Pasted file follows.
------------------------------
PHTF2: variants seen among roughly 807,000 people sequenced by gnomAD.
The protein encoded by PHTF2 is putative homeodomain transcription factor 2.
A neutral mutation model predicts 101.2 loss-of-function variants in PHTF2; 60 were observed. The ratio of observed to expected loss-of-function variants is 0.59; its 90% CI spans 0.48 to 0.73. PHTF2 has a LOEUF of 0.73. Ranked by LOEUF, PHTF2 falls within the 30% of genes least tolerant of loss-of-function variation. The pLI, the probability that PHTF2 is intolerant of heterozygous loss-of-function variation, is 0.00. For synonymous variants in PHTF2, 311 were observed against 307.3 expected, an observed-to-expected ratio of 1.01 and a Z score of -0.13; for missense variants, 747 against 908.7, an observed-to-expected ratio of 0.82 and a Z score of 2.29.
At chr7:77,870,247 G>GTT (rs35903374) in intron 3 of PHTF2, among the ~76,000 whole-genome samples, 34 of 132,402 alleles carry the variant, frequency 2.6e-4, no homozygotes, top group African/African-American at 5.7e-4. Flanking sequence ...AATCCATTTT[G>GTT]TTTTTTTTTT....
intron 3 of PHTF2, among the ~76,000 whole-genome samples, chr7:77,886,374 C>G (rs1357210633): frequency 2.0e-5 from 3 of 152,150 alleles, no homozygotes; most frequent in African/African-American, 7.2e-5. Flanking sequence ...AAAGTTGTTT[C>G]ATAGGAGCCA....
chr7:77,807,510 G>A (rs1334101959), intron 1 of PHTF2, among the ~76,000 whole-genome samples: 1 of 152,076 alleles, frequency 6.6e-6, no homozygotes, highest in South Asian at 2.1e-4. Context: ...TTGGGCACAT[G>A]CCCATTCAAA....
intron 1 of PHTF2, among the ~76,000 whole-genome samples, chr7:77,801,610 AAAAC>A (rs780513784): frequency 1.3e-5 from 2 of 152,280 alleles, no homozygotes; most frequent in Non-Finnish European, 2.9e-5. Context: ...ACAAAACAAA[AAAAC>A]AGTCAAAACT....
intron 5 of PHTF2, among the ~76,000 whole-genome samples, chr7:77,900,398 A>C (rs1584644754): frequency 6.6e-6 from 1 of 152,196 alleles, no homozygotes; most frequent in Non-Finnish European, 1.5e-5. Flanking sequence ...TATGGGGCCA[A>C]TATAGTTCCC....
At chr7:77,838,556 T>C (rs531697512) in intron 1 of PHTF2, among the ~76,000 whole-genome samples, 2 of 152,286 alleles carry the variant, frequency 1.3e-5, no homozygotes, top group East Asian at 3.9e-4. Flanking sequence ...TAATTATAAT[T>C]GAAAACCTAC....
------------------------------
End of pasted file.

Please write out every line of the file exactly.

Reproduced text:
PHTF2: variants seen among roughly 807,000 people sequenced by gnomAD.
The protein encoded by PHTF2 is putative homeodomain transcription factor 2.
A neutral mutation model predicts 101.2 loss-of-function variants in PHTF2; 60 were observed. The ratio of observed to expected loss-of-function variants is 0.59; its 90% CI spans 0.48 to 0.73. PHTF2 has a LOEUF of 0.73. Ranked by LOEUF, PHTF2 falls within the 30% of genes least tolerant of loss-of-function variation. The pLI, the probability that PHTF2 is intolerant of heterozygous loss-of-function variation, is 0.00. For synonymous variants in PHTF2, 311 were observed against 307.3 expected, an observed-to-expected ratio of 1.01 and a Z score of -0.13; for missense variants, 747 against 908.7, an observed-to-expected ratio of 0.82 and a Z score of 2.29.
At chr7:77,870,247 G>GTT (rs35903374) in intron 3 of PHTF2, among the ~76,000 whole-genome samples, 34 of 132,402 alleles carry the variant, frequency 2.6e-4, no homozygotes, top group African/African-American at 5.7e-4. Flanking sequence ...AATCCATTTT[G>GTT]TTTTTTTTTT....
intron 3 of PHTF2, among the ~76,000 whole-genome samples, chr7:77,886,374 C>G (rs1357210633): frequency 2.0e-5 from 3 of 152,150 alleles, no homozygotes; most frequent in African/African-American, 7.2e-5. Flanking sequence ...AAAGTTGTTT[C>G]ATAGGAGCCA....
chr7:77,807,510 G>A (rs1334101959), intron 1 of PHTF2, among the ~76,000 whole-genome samples: 1 of 152,076 alleles, frequency 6.6e-6, no homozygotes, highest in South Asian at 2.1e-4. Context: ...TTGGGCACAT[G>A]CCCATTCAAA....
intron 1 of PHTF2, among the ~76,000 whole-genome samples, chr7:77,801,610 AAAAC>A (rs780513784): frequency 1.3e-5 from 2 of 152,280 alleles, no homozygotes; most frequent in Non-Finnish European, 2.9e-5. Context: ...ACAAAACAAA[AAAAC>A]AGTCAAAACT....
intron 5 of PHTF2, among the ~76,000 whole-genome samples, chr7:77,900,398 A>C (rs1584644754): frequency 6.6e-6 from 1 of 152,196 alleles, no homozygotes; most frequent in Non-Finnish European, 1.5e-5. Flanking sequence ...TATGGGGCCA[A>C]TATAGTTCCC....
At chr7:77,838,556 T>C (rs531697512) in intron 1 of PHTF2, among the ~76,000 whole-genome samples, 2 of 152,286 alleles carry the variant, frequency 1.3e-5, no homozygotes, top group East Asian at 3.9e-4. Flanking sequence ...TAATTATAAT[T>C]GAAAACCTAC....